Max Planck Institute for the Science of Human History

Max Planck Institute for the Science of Human History

How are historical events, cultural change and major migratory movements interrelated? Where do the origins of historical pathogens lie? Which factors led to the spread and diversification of the major language families? How have the development of crops and transformation of human societies affected each other? Which factors promote the spread and adoption of new technologies?

Biologists, historians, linguists and social scientists at the 2014 newly established institute work together on the development of innovative language documentation procedures, global linguistic and cultural databases, and analytical processes that link evolutionary theories and modern computational methods. They use state-of-the-art methods from the field of biomolecular science, such as, for example genome-wide DNA sequencing, to obtain detailed information from minute samples about genetic relationships, geographical origins, selection processes, and the genetic structures of extinct human, plant, animal and even pathogenic organisms. This thoroughly integrated, interdisciplinary approach will allow long-standing questions about human history that were previously deemed difficult, or even completely intractable, to be resolved.

Contact

Kahlaische Str. 10
07745 Jena
Phone: +49 3641 686-5
Fax: +49 3641 686-990

PhD opportunities

This institute has an International Max Planck Research School (IMPRS):

IMPRS for the Science of Human History

In addition, there is the possibility of individual doctoral research. Please contact the directors or research group leaders at the Institute.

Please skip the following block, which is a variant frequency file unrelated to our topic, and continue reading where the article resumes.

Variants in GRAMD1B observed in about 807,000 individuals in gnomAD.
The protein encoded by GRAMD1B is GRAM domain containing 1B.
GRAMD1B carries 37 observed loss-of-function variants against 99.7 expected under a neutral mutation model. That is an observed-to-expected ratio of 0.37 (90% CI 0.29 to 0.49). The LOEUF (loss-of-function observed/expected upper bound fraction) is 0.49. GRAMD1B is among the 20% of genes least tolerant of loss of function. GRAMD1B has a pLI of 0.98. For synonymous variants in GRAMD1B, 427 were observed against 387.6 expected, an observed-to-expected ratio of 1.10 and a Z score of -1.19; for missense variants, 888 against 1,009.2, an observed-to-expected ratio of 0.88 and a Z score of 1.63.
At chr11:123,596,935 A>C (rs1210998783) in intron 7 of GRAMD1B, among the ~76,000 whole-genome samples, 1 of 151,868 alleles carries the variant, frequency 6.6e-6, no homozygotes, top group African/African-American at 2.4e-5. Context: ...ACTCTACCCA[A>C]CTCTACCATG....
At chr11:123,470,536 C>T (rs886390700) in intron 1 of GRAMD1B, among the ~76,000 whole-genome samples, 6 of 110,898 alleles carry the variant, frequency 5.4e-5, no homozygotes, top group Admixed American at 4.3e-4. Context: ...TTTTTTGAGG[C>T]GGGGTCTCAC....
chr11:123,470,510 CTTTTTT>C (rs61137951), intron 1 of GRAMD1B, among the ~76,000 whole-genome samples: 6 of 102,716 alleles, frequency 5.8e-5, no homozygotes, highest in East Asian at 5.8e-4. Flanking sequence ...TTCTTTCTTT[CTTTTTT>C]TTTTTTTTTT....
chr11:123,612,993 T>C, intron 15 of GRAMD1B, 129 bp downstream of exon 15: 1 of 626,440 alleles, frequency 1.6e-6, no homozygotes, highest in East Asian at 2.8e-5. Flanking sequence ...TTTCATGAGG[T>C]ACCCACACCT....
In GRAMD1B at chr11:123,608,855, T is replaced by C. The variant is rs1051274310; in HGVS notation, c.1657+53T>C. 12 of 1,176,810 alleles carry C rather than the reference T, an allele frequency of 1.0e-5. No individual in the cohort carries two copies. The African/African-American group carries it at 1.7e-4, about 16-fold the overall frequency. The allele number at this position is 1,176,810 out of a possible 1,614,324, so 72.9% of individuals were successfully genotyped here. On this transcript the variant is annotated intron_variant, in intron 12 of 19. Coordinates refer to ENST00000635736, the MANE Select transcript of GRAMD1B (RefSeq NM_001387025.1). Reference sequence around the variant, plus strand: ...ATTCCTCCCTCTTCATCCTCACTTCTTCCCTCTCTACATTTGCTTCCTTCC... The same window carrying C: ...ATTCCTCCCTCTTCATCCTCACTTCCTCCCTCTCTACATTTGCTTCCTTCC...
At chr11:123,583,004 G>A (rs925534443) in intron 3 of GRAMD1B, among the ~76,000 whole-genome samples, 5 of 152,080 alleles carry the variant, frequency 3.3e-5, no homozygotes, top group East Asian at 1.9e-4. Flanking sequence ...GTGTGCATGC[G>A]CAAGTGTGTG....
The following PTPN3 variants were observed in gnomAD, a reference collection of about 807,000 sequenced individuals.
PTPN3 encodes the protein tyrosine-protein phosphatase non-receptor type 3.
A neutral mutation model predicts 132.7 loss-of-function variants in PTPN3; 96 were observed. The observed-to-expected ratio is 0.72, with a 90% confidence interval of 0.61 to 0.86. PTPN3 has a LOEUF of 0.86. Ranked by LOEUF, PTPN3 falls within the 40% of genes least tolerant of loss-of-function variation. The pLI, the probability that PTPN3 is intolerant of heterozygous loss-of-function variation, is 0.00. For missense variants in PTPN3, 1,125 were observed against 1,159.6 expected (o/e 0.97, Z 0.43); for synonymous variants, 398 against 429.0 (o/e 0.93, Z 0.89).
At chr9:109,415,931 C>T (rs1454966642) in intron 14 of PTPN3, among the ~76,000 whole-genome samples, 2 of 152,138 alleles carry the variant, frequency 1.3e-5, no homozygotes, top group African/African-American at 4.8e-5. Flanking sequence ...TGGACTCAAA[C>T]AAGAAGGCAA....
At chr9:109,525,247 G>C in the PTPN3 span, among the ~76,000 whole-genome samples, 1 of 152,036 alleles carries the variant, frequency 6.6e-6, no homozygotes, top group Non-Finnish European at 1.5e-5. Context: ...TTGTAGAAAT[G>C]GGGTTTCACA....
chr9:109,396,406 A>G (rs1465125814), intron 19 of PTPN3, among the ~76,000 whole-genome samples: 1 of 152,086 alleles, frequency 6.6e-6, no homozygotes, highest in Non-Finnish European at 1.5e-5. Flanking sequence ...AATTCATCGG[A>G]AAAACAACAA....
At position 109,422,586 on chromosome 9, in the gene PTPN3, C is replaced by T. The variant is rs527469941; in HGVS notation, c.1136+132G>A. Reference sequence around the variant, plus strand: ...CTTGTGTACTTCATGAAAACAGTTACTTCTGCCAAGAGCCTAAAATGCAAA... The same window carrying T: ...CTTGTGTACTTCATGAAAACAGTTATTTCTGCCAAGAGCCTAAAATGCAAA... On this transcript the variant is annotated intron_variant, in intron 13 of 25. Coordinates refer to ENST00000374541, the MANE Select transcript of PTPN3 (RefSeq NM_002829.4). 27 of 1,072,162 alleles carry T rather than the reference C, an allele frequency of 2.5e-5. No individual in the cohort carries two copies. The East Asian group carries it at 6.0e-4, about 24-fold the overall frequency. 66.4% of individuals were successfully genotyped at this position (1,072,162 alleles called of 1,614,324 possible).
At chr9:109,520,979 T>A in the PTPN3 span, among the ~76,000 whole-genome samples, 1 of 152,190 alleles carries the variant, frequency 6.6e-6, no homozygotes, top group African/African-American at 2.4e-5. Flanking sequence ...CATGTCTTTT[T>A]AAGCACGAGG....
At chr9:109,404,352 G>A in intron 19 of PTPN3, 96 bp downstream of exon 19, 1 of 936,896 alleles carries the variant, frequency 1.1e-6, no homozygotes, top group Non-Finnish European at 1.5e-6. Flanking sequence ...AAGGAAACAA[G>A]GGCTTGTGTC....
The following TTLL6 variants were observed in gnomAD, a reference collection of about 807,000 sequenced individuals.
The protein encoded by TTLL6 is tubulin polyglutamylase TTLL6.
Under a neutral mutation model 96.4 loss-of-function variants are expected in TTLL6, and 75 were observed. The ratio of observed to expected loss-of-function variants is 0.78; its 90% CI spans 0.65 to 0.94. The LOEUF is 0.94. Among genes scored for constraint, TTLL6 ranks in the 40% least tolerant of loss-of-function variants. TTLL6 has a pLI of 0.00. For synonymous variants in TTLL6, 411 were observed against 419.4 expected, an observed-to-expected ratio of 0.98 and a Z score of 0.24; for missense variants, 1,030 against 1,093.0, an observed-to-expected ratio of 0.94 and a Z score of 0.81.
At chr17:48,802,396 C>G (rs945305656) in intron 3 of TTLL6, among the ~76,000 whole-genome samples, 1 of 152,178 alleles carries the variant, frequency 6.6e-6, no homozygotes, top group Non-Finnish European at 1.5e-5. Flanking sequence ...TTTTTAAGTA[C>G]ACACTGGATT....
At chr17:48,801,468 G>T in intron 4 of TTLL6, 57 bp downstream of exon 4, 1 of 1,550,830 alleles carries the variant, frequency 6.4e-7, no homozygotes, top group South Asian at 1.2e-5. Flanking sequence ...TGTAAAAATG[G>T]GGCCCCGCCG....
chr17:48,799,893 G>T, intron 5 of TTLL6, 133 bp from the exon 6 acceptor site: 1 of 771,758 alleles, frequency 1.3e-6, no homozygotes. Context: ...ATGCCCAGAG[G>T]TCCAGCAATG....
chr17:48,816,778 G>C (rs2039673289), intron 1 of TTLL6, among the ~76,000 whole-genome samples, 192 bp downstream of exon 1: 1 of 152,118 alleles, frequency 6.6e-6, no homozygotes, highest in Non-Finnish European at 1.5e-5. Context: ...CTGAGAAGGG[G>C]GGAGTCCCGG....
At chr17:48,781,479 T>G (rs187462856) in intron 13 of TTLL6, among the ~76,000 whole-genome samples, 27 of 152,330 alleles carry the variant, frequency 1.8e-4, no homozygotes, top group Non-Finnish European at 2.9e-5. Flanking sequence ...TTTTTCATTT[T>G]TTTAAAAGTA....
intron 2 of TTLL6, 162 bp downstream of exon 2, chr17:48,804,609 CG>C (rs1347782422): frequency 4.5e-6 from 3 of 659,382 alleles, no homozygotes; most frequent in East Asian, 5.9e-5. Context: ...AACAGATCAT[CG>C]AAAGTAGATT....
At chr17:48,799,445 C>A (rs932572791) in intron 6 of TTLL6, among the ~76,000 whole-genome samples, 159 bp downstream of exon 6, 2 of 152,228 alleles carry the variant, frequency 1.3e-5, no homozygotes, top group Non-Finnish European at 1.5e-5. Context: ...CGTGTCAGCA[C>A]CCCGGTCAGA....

Department Linguistic and Cultural Evolution

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Social inequality in Bronze Age households

Archaeogenetic analyses provide new insights into social inequality 4000 years ago: nuclear families lived together with foreign women and individuals from lower social classes in the same household.

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Our African origins

Human groups from all over Africa contributed to the evolution of Homo sapiens

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Human genetic diversity of South America reveals complex history of Amazonia

New study explores genetic roots of 26 populations from diverse regions and cultures of western South America and Mexico, revealing long-distance connections between speakers of the same language, and new traces of genetic diversity within Amazonia.

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<p>Grazing animals drove domestication of grain crops</p>

The ancestral relatives of millets and other small-seeded crops originally evolved to be dispersed by megafaunal grazers of the Pleistocene and earlier epochs, and in some cases later came to rely on pastoral herds to disperse their seeds.  

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Ancient DNA sheds light on the origins of the Biblical Philistines

Ancient genomes suggest that the Philistines descended from people who migrated across the Mediterranean 

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Neanderthals and modern humans must have coexisted in Europe for several thousand years. What happened when they encountered each other and how they influenced one another are riveting questions. Jean-Jacques Hublin and his team at the Max Planck Institute for Evolutionary Anthropology in Leipzig are searching for the answers. In the process, they have found clues as to what the Neanderthals learned from Homo sapiens – and what they didn’t.

The transition to agriculture changed human society more drastically than almost any other innovation. Scientists at the Max Planck Institute for the Science of Human History in Jena are investigating this revolution from very different perspectives.